Since their acquisition a couple of the work groups have Unionized and the pilots are getting ready for another drive as we speak. They are also finding out that it takes massive amounts of money and management talent to turn an airline around. They are in short supply of both.
So, what we’re left with is a picture of a company intent on maintaining a discordant relationship with their workforce despite potential revenue loss from their largest customer. Attempts by management to end around labor in the acquisition of a failing airline, with money losing routes, not to mention “union busting” tactics from the highest quarters in the management team. Sounds like managerial brilliance huh? I had one more question that needed to be answered.
Q. What role has Nikki Tinker, VP, Labor Relations and General Counsel, and candidate for Democratic nomination to the US House, played in the contract negotiations?
A. Nikki Tinker has had little involvement with the pilot group since her hiring. Initially, she sat in contract negotiating sessions but was she was so anti-productive at the table the company asked her to step down. She also had a small period of involvement in the grievance process but once again her general disdain of reasonability and completely foreign concept of “organized” labor and contractual rights rendered her input worthless and the company once again asked her to step down. The past year or two she has had almost no contact with any labor group at Pinnacle. It seems that she is retained as a political hedge for the airline and to curry favorable public opinion. She certainly has the physical qualifications to fill such a job but by and large she is an empty shell. It’s distasteful that she calls herself a democrat.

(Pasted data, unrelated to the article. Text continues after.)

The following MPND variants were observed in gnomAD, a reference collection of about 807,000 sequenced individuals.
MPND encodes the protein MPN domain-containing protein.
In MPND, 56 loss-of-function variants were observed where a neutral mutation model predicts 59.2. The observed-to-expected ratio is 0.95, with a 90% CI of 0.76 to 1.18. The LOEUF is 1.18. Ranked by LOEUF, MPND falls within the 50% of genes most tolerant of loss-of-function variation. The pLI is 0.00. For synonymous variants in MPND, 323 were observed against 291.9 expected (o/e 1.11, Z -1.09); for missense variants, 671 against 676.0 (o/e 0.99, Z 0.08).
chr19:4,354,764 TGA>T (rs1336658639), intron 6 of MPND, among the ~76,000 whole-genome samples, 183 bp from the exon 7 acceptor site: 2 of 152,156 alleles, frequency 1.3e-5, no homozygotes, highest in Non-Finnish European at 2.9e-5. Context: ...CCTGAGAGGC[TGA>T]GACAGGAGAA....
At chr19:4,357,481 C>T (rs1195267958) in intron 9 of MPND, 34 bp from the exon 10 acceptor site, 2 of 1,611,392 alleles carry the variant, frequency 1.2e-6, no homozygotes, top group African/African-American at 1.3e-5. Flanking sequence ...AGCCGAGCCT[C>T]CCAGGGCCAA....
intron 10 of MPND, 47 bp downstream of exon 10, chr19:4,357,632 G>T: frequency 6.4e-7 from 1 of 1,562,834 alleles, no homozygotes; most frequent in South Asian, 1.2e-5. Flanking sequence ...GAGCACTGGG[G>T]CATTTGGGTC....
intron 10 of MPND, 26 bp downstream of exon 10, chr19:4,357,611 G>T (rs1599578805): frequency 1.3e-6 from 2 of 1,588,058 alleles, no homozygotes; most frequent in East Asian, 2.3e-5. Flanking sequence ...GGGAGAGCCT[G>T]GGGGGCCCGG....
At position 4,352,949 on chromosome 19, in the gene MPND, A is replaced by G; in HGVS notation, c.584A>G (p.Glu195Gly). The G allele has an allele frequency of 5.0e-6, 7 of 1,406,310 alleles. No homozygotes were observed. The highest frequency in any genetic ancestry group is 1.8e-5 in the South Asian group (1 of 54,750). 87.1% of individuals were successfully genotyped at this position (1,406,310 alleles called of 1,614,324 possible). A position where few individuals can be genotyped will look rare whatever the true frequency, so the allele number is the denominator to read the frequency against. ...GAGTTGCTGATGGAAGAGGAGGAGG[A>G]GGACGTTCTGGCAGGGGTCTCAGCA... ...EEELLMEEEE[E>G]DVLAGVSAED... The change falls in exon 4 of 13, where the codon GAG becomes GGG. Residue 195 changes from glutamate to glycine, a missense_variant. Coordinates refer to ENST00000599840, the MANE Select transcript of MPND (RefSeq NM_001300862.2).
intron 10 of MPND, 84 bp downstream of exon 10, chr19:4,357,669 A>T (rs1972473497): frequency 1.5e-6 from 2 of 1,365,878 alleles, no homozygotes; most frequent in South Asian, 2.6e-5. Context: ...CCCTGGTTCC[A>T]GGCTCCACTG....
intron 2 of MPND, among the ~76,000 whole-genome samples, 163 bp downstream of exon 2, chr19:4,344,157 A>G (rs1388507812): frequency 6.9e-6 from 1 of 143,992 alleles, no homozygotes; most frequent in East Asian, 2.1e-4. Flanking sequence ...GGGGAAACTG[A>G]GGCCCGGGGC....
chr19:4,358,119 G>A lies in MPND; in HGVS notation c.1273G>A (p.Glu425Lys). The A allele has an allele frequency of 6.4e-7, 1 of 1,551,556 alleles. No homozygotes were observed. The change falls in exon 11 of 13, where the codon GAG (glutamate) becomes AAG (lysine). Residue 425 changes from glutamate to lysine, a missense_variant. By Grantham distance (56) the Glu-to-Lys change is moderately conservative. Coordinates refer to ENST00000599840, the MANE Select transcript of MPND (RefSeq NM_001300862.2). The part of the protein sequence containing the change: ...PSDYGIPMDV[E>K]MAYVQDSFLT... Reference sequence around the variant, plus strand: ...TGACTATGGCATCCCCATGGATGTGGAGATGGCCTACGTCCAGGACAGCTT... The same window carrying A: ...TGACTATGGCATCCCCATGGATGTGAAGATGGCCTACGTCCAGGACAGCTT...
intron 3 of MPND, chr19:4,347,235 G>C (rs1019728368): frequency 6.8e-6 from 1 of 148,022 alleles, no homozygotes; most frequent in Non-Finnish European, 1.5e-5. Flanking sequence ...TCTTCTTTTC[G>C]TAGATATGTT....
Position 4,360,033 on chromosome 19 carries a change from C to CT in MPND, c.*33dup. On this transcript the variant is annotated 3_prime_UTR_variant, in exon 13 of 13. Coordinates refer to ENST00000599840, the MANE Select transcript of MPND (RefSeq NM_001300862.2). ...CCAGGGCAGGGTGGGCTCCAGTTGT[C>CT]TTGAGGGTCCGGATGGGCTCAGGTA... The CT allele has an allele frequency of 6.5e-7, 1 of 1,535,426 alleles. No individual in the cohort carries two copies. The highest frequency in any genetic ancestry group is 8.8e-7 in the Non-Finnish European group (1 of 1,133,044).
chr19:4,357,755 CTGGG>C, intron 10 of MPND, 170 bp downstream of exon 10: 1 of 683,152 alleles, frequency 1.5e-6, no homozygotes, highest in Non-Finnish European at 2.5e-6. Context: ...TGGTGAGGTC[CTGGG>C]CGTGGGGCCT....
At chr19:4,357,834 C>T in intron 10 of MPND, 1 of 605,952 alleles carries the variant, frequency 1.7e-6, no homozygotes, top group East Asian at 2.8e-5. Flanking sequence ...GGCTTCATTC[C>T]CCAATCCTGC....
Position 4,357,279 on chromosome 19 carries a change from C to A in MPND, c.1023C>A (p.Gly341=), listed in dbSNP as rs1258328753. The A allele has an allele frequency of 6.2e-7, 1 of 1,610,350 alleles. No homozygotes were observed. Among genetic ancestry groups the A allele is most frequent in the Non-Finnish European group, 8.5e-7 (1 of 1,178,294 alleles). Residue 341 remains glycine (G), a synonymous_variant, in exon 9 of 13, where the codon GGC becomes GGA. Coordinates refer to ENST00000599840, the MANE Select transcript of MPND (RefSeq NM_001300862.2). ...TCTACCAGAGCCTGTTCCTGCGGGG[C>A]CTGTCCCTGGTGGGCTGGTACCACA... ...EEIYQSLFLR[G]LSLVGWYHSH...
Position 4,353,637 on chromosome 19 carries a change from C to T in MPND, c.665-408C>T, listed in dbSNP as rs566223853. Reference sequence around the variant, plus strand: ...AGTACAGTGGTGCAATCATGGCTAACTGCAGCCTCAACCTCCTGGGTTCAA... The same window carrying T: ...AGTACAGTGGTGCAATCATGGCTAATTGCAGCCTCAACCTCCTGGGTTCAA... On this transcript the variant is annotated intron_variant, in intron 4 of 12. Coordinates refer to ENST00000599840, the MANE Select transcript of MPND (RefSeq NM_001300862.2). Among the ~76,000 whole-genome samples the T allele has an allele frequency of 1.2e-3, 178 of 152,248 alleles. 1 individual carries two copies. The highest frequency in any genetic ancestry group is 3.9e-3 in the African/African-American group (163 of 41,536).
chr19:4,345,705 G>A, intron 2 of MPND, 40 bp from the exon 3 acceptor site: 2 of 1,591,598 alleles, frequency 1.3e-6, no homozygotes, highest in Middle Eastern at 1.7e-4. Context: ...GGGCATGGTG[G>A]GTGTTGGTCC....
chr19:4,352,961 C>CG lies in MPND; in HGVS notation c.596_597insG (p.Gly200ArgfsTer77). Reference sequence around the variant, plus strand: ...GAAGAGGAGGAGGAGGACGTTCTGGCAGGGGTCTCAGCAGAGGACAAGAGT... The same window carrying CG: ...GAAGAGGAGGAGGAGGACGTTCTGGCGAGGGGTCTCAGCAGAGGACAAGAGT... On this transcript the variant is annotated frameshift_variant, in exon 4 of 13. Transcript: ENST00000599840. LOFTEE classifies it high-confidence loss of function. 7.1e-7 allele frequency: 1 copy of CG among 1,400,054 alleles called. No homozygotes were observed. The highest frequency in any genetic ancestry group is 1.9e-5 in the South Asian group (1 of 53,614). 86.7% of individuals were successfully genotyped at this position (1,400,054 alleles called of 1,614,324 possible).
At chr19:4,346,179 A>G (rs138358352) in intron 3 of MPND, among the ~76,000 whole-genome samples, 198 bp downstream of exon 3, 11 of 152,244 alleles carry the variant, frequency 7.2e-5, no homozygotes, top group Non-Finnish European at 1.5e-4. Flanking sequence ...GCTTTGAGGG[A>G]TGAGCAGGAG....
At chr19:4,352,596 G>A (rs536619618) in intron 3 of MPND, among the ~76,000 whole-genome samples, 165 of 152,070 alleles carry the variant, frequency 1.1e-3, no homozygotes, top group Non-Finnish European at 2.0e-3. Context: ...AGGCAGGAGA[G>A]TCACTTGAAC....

Damn. When a company, with a history of strained relations with labor, asks their VP of Labor Relations to step away from contract negotiations, it speaks volumes about the effectiveness of said management, but this story isn’t about Nikki Tinker, it’s about a corporate culture hell bent on maintaining a class war against it’s employees. Nikki Tinker just happens to be a wobbly cog in this machine of disenfranchisement.
So, what’s the end game? Tune in tomorrow and we’ll both find out!